1:2 The confidence that they have eternal life enables God's people to live in the present in light of the future (see 2:11-14; 3:7-8). • God—who does not lie: The true God contrasts with popular Cretan conceptions (see note on 1:12). This statement also underlines God's plan of salvation as unchanging (1:1): God can be trusted to fulfill his promises (see Num 23:19; 1 Sam 15:29; Rom 3:3-4).

1:3 at just the right time: The initiative is entirely with God, who carries out his plan on his own timetable by his own will(see 3:5; 1 Tim 2:6; 2 Tim 1:10). • God our Savior: In 1:4, Jesus is also called "our Savior," identifying Jesus with God (see 2:10,13; 3:4, 6).

Theme: Church Leaders (1:5-9)

Titus 2:15

Acts 6:1-6; 13:1-3; 14:23; 15:4-35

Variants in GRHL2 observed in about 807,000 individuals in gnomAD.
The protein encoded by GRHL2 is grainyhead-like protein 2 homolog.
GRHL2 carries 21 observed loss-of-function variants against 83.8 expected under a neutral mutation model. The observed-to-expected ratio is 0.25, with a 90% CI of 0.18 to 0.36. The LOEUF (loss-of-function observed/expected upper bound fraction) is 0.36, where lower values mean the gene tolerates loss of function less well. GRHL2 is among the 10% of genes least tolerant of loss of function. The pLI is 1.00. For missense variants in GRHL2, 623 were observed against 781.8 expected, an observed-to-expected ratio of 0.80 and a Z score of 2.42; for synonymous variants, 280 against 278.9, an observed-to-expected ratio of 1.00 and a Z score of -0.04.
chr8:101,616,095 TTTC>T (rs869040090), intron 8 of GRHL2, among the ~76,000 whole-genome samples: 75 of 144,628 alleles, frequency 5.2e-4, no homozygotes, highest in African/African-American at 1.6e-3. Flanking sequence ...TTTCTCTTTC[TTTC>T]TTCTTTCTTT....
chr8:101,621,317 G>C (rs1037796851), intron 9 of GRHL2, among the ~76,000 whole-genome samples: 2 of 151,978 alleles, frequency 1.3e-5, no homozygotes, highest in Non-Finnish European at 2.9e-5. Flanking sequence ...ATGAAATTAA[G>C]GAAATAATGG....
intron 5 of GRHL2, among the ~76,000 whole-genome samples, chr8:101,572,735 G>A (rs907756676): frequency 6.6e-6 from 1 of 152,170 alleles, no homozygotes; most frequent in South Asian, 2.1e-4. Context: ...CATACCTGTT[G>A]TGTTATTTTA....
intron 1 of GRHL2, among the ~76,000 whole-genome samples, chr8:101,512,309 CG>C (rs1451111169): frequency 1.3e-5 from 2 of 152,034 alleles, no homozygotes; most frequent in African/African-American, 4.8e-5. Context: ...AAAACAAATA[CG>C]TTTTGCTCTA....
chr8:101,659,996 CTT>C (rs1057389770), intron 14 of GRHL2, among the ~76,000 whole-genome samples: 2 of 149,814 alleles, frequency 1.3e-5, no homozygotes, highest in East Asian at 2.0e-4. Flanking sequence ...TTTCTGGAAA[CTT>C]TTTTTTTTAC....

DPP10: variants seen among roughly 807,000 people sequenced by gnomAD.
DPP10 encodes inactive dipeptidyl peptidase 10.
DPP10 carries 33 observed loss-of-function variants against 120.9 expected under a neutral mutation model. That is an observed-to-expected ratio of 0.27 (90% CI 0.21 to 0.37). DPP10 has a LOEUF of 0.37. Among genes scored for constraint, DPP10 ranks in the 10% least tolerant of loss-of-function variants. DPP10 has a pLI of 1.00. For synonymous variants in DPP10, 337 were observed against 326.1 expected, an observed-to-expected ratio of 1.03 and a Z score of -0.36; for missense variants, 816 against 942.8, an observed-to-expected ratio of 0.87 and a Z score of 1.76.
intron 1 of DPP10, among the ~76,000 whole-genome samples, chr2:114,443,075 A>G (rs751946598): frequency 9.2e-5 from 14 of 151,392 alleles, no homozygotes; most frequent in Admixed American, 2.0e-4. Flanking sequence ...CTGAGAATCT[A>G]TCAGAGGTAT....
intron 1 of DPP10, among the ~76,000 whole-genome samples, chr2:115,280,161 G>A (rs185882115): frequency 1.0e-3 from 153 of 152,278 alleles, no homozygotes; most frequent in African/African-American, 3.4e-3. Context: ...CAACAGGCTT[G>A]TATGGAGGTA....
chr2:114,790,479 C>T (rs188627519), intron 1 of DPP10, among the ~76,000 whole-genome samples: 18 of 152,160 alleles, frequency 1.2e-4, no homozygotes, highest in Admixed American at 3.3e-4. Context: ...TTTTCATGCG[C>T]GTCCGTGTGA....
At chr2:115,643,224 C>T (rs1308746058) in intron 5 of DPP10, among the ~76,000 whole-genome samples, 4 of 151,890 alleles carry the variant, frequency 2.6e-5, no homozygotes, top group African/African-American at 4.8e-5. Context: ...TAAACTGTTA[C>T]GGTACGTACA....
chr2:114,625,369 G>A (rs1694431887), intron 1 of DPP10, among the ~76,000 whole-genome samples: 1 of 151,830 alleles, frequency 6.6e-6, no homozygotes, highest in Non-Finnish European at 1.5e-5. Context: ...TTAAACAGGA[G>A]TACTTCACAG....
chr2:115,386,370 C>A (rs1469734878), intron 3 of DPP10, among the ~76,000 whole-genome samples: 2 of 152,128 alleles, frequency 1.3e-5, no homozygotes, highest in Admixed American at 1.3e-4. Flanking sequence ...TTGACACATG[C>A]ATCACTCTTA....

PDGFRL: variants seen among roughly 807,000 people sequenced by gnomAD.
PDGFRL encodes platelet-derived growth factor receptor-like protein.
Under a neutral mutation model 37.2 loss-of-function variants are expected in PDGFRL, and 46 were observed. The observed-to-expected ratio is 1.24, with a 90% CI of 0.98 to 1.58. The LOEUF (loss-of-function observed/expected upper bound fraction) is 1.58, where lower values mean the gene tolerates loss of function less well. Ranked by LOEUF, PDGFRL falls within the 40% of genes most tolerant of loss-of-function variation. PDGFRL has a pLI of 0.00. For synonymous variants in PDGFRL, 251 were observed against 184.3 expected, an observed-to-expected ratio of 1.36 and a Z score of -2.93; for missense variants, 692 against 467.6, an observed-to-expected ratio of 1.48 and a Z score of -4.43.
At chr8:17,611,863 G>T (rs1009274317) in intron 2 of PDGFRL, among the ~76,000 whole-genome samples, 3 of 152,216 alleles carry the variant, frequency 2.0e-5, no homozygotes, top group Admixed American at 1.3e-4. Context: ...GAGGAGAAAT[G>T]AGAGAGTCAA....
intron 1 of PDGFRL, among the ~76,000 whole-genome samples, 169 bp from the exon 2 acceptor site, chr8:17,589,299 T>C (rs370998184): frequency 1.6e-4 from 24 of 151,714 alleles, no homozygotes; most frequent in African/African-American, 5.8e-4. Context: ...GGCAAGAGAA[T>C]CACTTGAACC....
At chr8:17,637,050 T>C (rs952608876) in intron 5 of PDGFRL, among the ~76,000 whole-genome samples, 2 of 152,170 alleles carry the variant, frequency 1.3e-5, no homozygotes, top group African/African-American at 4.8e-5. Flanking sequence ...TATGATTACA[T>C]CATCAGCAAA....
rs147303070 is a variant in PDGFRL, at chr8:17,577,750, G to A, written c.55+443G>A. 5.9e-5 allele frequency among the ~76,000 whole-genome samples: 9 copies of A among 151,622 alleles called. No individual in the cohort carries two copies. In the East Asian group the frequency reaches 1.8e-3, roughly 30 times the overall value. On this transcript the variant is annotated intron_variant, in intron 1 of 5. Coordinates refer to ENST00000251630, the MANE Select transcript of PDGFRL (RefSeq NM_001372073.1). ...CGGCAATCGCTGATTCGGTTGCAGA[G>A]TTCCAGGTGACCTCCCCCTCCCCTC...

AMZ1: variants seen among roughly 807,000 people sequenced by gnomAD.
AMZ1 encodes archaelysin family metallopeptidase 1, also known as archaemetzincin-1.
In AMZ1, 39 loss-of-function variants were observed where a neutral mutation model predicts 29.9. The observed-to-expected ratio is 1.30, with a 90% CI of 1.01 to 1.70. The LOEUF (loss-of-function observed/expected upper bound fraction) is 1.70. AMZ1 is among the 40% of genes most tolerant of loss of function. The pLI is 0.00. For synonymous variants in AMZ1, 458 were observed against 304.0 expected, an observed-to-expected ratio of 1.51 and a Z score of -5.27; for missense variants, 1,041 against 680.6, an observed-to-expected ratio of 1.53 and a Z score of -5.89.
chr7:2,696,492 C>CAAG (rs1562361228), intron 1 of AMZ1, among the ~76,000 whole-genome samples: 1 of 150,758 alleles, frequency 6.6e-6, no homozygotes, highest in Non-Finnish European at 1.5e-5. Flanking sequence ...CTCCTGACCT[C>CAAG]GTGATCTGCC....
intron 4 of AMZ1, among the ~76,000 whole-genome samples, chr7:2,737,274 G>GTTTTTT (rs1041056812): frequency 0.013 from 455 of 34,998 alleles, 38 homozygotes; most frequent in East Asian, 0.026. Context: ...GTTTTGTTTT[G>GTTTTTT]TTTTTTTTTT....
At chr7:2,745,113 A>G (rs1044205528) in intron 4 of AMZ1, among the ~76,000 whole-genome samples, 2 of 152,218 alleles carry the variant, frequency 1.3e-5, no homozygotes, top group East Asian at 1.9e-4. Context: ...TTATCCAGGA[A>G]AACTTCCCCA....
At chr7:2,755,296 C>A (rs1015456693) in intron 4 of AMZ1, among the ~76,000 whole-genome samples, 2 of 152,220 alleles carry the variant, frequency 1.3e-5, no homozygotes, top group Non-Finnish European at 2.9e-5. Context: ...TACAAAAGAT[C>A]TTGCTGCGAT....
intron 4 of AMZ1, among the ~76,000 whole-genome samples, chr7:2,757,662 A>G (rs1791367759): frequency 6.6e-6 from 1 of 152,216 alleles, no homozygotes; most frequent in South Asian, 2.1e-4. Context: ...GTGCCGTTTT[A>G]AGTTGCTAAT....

1 Cor 12:28-30; 14:26-33

Eph 4:11-13

1 Tim 3:1-13; 4:11-16; 5:17-22

2 Tim 2:2, 25-26

Spontaneity and spiritual gifted ness characterized the first church gatherings (see 1 Cor 11:4-5; 14:26-33). The apostles exercised general oversight of the Christian communities (Acts 6:2; 8:14; 14:23) together with the elders in Jerusalem (Acts 15:4, 6, 22-23), whose function was drawn from the Jewish synagogue and Greco-Roman models. The titles and functions of Christian leaders in communities outside of Jerusalem appear to have been fluid (e.g. Acts 6:1-6; 13:1-3), but local leaders were dependent on the apostles when possible. Teachers and prophets also had important roles in guiding the church (see Acts 2:17-18; 11:27-30; 1 Cor 14:26-40). Churches were often founded before their leaders were appointed (1:5; Acts 14:23). Such appointments were almost certainly related to spiritual gifting (e.g. 1 Cor 12:28-30; Eph 4:11) and (in some situations) to age.